For me, the most wonderful description in the book is the moment when James Nestor’s efforts to become a deep diver finally succeed, and, for the first time, he glides through the doorway to the deep without fear or unnecessary struggle. The most exciting moments are when he encounters whales at close range. The first time, a mother whale as big as a bus and her large cub swim by and then turn around. It’s rare for a sperm whale to choose to approach a human; mothers, however, sometimes indulge the curiosity of their cubs. This mother and cub come as close at thirty feet, blasting Nestor and his companion with echolocation “clicks” that feel like “jackhammers on pavement.” Once their curiosity about the human divers is satisfied, the whales depart with a few “coda clicks,” clicks that are thought to be the way that whales identify themselves and communicate with each other.
The second time Nestor encounters a whale, while freediving with a researcher, a young bull bombards him with fierce echolocation clicks. The bull then flips over to better receive the echoes, and then decides to swim away. The scientists he is with explain to Nestor that it’s likely the bull initially targeted him as prey, but, after learning that Nestor has a big brain and lungs, chose to leave him alone. Did the whale decide that he didn’t want to eat a creature with capacities similar to his own? Was the whale more “humane” than human whale hunters?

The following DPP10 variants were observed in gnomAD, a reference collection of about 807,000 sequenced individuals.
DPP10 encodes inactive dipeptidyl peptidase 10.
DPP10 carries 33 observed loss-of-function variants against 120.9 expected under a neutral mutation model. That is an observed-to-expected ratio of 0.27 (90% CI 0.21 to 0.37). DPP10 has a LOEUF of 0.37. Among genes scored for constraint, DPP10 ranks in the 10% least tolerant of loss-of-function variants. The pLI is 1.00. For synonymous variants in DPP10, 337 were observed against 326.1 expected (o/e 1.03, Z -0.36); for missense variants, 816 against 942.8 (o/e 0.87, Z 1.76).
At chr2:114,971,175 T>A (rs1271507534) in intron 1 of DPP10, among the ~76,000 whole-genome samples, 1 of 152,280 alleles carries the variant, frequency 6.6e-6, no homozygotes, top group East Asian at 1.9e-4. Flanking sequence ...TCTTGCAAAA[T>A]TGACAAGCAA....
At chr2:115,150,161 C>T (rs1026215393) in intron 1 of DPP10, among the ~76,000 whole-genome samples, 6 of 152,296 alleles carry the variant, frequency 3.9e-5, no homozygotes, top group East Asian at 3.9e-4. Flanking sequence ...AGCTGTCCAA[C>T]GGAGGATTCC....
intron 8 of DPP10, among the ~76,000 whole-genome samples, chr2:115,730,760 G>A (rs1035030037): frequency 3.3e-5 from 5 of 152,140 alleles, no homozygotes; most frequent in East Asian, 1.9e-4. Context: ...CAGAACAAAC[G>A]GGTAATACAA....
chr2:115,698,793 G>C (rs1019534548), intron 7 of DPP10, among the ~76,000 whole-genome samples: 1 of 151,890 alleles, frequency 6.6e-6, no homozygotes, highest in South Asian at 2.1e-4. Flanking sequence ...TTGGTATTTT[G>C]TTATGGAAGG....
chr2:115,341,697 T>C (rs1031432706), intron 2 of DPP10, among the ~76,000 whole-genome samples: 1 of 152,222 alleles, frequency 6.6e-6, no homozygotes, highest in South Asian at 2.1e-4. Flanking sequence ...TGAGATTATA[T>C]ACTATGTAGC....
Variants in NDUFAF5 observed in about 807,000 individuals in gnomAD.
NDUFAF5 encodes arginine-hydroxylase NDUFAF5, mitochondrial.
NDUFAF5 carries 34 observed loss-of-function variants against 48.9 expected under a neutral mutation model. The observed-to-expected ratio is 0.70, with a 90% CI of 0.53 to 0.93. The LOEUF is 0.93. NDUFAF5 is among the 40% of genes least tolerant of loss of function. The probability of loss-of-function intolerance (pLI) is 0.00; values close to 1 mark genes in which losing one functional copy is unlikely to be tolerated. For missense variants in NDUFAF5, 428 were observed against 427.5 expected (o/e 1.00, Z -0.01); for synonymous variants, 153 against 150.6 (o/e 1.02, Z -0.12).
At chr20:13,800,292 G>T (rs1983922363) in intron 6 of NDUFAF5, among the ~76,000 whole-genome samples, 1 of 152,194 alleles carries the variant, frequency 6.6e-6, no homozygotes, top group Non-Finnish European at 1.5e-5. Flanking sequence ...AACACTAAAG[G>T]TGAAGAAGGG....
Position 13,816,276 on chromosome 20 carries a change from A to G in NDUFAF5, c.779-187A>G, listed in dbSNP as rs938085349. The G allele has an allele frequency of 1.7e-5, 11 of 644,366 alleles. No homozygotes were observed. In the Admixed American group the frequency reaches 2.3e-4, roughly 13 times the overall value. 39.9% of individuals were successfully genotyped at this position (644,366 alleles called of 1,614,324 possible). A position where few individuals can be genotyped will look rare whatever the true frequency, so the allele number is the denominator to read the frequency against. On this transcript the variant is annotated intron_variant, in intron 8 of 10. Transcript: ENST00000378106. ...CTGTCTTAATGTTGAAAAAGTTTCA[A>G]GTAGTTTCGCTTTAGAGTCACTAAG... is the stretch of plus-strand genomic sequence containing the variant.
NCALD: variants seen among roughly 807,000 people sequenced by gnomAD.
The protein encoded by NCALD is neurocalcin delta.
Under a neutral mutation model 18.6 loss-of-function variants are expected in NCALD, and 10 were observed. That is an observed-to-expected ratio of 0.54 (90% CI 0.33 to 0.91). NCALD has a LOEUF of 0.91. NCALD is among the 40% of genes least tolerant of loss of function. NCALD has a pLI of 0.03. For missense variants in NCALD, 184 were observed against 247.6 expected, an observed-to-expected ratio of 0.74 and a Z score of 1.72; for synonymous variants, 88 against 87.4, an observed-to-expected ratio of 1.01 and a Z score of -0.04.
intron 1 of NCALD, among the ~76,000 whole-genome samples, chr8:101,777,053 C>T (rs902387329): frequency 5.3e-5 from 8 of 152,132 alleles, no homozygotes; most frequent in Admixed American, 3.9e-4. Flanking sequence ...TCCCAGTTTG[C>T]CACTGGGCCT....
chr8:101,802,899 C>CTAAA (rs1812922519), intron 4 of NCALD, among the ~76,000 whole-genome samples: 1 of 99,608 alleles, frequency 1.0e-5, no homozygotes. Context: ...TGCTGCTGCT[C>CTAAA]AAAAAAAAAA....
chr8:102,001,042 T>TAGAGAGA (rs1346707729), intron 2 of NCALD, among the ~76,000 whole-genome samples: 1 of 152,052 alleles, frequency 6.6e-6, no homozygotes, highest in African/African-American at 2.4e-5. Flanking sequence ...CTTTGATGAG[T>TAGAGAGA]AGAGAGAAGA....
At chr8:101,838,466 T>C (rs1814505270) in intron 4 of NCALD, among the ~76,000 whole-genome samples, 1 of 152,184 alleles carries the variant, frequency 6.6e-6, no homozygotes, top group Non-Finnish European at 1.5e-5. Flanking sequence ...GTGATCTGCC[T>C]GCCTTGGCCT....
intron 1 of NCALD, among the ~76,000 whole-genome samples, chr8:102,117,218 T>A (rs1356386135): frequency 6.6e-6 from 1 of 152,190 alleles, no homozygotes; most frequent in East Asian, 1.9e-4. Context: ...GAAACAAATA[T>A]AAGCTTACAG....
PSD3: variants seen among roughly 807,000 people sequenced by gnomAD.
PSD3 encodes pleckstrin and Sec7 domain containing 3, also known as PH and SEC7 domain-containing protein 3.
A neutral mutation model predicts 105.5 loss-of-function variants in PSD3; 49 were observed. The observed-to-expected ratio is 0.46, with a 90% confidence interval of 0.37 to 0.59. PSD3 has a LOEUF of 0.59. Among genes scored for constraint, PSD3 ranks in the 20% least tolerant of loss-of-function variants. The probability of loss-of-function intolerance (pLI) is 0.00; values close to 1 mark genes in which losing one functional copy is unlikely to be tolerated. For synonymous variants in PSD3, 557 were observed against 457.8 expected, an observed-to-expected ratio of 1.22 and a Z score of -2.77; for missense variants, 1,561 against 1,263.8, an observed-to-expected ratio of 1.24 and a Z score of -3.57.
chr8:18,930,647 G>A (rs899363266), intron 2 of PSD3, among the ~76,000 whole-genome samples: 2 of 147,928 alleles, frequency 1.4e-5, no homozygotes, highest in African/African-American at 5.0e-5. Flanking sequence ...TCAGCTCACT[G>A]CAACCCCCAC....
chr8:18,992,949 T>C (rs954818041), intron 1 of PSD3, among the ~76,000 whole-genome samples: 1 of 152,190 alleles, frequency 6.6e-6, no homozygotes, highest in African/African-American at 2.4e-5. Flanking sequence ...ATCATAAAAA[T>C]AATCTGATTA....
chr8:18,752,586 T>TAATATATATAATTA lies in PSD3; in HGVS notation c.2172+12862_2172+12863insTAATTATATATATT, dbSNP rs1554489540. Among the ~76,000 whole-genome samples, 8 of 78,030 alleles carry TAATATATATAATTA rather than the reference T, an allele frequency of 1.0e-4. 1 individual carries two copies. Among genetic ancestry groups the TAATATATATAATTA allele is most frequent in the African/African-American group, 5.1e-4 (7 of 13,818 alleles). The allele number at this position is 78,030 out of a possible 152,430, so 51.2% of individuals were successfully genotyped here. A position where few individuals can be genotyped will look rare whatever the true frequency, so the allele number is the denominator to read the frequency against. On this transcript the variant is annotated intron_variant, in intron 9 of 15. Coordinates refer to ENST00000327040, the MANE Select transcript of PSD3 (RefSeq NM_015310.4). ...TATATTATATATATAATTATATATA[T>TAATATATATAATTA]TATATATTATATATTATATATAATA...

During his research, Nestor found accounts from earlier centuries when human beings used their freediving skills to plunge deeper than 100 feet to collect sponges or red coral from the sea floor. For centuries, in numerous locations around the planet, pearl divers made use of the human ability to dive deep and stay underwater for extended periods of time. In the 14th century, for example, Marco Polo wrote about witnessing divers plunging more than a hundred and twenty feet and staying underwater three or four minutes on a single breath, to harvest pearls. Nestor writes that by the twentieth century, when new technologies had made freediving economically unnecessary, the “human body’s amazing diving abilities and human knowledge of freediving had begun to disappear.” Today modern competitive freedivers are rediscovering these abilities.